Therapy dogs ease stress for airport travelers
When Joanna Matson and her even-keeled Cavalier King Charles spaniel Melinda arrived at the Sacramento International Airport on Friday, the first thing she did was look at the digital displays for delayed flights.
“Okay, gates 19 and 20 have been waiting for more than an hour,” she said to fellow dog handler Rose Margolis.
“Well here come the relaxation corps!” Margolis replied, rallying her huge but young and frisky golden retriever, Sunny.
Sacramento International is the newest of about 30 airports across the country partnering with volunteer therapy dogs and their handlers in an effort to improve travelers’ experience.
It doesn’t matter the size or the breed. What matters is that they enjoy being petted and are interested in people, lots of different kinds of people.
Kathy Prendergast, BARC team member, about qualities of a good therapy dog
Airport officials expect the animals that make up the Boarding Area Relaxation Corps – which yields the adorable acronym BARC – will help relax passengers and make wait times go by faster.
“I’ve never seen anything like it before,” said passenger Kate Carney, who visited with Sunny while she waited for her flight home to Portland. “People have a certain amount of anxiety about flying and dogs are kind of natural therapists so I think it’s great.”
Research has shown that interaction with therapy animals can reduce stress and lower blood pressure. Even if travelers didn’t pet the dogs, passengers’ faces generally lit up when they saw the animals.
“It makes me happy” said Christie Koets, 26, who said she wished there was a program like BARC at the airport in Denver, where she was headed.
There are now 21 airport-approved BARC teams. The organization is trying to have teams at the airport two or three times per week at each of the terminals and more often as it recruits more volunteers.
“People are here for something they can’t really hold or take away with them, they’re just trying to get from one place to another,” said Laurie Slothower, the airport’s communication officer, who along with a colleague presented the idea to officials after reading about similar programs in other airports. “This is a great way to add something positive to their experience.”
Apart from vests for the dogs that say “pet me” and a few extra hours of staff time per week to administer the program, BARC isn’t costing the airport a dime.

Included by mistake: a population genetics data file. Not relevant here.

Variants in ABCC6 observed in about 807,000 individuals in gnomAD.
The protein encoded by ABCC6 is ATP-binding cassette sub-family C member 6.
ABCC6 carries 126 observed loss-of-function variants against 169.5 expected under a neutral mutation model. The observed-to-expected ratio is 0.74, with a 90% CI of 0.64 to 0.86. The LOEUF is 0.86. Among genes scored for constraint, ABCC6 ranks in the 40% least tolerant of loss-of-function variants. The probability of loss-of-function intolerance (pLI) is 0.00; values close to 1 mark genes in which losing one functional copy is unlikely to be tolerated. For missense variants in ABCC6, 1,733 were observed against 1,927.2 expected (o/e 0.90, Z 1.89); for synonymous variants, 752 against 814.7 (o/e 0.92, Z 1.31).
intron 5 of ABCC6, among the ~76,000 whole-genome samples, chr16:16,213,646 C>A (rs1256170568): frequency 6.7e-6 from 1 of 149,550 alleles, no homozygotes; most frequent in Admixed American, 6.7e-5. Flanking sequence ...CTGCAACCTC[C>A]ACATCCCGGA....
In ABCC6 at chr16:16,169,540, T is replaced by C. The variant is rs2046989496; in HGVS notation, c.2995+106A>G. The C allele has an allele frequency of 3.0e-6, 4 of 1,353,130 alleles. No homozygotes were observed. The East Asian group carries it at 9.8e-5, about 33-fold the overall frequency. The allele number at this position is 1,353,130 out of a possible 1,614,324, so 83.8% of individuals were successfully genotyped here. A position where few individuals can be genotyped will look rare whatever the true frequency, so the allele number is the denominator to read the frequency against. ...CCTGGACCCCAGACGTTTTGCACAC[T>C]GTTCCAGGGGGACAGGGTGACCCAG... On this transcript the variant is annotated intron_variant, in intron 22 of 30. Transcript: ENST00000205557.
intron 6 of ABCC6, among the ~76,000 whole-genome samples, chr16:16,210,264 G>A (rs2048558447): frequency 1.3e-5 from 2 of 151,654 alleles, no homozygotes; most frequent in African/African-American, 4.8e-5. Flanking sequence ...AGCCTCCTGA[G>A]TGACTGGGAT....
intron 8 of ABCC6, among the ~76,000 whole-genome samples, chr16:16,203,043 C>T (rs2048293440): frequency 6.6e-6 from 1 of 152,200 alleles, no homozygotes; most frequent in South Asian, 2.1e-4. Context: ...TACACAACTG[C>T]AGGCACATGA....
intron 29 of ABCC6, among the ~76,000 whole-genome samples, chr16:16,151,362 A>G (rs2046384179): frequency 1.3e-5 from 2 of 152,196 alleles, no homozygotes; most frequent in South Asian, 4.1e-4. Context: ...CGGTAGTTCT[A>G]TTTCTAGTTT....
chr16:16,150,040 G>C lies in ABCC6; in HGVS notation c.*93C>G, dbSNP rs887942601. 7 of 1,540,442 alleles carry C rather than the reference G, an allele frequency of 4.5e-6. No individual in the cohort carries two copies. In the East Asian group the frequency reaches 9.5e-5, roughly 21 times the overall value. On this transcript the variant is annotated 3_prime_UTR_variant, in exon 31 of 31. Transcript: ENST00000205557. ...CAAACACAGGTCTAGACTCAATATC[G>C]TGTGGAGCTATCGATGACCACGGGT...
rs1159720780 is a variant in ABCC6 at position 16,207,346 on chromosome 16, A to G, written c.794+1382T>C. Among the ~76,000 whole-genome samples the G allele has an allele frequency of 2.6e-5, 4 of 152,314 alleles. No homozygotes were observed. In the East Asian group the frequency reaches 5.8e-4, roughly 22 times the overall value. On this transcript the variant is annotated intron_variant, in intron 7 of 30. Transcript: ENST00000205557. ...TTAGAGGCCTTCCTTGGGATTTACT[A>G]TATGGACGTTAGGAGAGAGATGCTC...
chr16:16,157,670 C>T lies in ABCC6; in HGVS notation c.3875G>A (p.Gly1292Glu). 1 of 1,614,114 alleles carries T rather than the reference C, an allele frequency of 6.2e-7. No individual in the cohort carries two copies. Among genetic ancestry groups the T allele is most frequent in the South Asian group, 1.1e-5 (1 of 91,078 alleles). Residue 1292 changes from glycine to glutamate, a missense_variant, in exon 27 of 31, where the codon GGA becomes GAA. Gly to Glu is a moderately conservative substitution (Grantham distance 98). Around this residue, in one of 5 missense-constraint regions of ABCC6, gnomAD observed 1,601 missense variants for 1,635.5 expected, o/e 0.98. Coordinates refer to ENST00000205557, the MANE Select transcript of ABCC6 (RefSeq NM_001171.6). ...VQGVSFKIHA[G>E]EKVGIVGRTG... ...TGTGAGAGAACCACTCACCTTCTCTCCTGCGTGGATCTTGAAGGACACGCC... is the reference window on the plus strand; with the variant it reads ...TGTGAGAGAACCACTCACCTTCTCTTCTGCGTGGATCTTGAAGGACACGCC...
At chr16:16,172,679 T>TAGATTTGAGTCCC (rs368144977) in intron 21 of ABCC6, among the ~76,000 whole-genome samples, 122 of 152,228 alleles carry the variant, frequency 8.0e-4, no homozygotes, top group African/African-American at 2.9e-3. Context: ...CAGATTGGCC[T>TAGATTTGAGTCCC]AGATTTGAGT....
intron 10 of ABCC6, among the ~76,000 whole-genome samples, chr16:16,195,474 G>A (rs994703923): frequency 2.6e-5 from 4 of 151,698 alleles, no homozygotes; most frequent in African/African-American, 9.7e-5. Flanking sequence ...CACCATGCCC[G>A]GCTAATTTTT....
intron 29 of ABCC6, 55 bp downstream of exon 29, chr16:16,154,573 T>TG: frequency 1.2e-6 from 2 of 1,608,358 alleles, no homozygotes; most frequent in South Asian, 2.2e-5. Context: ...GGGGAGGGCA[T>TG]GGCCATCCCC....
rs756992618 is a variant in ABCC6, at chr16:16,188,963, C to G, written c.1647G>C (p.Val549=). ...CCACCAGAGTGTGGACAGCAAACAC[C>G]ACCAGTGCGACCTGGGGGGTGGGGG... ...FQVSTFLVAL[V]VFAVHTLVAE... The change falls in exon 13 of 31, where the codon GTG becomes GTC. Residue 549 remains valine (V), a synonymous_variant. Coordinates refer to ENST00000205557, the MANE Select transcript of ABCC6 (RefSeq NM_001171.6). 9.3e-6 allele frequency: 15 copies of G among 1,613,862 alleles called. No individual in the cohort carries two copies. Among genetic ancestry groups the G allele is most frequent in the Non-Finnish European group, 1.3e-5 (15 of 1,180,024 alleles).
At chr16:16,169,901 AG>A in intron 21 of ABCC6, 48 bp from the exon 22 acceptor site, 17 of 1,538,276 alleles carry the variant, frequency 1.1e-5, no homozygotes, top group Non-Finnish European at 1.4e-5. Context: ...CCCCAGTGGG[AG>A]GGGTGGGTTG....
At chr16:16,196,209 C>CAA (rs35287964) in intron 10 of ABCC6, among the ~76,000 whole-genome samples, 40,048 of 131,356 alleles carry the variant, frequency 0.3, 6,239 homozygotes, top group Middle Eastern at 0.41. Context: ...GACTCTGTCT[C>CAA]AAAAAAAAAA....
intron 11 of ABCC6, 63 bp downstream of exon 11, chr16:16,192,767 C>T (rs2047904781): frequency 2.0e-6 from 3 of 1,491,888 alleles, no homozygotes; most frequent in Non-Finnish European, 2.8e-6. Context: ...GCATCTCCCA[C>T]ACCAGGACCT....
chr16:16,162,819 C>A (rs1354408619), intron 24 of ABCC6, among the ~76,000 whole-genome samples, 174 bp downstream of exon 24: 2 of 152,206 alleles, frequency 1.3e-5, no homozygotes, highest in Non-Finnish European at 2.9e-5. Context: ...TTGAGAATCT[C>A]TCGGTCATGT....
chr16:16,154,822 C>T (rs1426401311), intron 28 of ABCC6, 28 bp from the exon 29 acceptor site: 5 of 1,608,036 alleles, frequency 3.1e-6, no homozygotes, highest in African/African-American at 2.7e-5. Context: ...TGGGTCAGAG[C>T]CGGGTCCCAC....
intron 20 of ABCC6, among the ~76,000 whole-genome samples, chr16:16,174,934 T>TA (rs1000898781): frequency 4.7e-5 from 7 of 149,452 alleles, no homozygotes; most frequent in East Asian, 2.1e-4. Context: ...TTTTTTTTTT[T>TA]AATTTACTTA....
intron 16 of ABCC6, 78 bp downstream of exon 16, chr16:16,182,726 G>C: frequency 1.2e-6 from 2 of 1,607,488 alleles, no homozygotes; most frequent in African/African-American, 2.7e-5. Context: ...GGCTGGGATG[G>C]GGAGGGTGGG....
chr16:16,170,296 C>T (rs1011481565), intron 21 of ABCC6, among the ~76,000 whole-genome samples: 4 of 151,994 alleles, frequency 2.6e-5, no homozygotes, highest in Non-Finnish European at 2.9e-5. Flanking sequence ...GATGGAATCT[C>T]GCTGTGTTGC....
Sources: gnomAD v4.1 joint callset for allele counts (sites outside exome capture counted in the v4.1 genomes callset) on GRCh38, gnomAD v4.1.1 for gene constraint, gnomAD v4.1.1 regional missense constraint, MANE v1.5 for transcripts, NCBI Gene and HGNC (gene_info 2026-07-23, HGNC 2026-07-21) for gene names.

The dogs are made available by volunteers with the Lend a Heart organization, which also deploys teams to hospitals, nursing homes and schools around finals or other areas and times of high anxiety.
Several teams were dispatched to evacuation zones to comfort victims of the Butte fire, which raged across more than 70,000 acres of the area earlier this week.
“It was heartbreaking,” said Randi Scott, who was supervising Lend a Heart teams Wednesday at the Rancheria hotel in Jackson. “People would sit on the ground and let the dogs come up on their laps. Everyone had their own story, they lost their dog or it’s being sheltered somewhere else. Our dogs brought a few smiles and a little bit of happiness back into their lives.”
Lend a Heart’s therapy dogs go through an evaluation and training process that usually takes a few months to complete. The dogs are matched with assignments based on factors like their age and temperament.
Kathy Prendergast, 66, is a BARC team member and helped organize the program for the airport.
She became a member of Lend a Heart 10 years ago when she realized her retired guide dog Hoyte wasn’t quite ready to retire. Hoyte has since died but Prendergast continues to volunteer with her 7-year-old yellow Labrador retriever Nikira. A friend connected Prendergast with Nikira when – at age 2 – it was clear that the dog would be too playful to become a successful guide dog.
“This is a good career switch for her,” Prendergast said. “She loves therapy work, and she loves the airport.”
Prendergast explained that Nikira was not as well-suited for nursing home visits, for example, because she might even fall asleep in such a slow and quiet atmosphere.
In addition to Lend a Heart’s standard training and evaluation, airport-approved dogs have to be assessed as being able to focus despite the venue’s elevators, noise and other working dogs such as security canines.
Prendergast says the bottom line for a suitable therapy dog is that they should enjoy meeting people.
“It doesn’t matter the size or the breed. Even some pit bulls have been wonderful therapy dogs,” she said. “What matters is that they enjoy being petted and are interested in people, lots of different kinds of people.”
Lend a Heart volunteers range from high school students to retirees and are paid in the currency of compassion.
“Sometimes it’s almost selfish,” Prendergast said. “One of our pet handlers met the wife of a fire chief. She gave reports of people coming in, wrapping their arms around the dogs and just crying. We come away with the good feeling that we’ve helped somebody.”
Lend a Heart president Kim Robinson said there’s a waiting list of 45 facilities for their therapy dogs, so she’s hoping the organization can expand. They have minimal expenses that include paying for vests and insurance for training and storage facilities. Most of that is covered by donations through their website, but they are recruiting volunteers.
Mariam Baksh: 916-321-1673, firstname.lastname@example.org, @MariamBaksh
Dog owners who want to volunteer their time and their pets can register for Lend a Heart’s Oct. 17 orientation at lendaheart.org.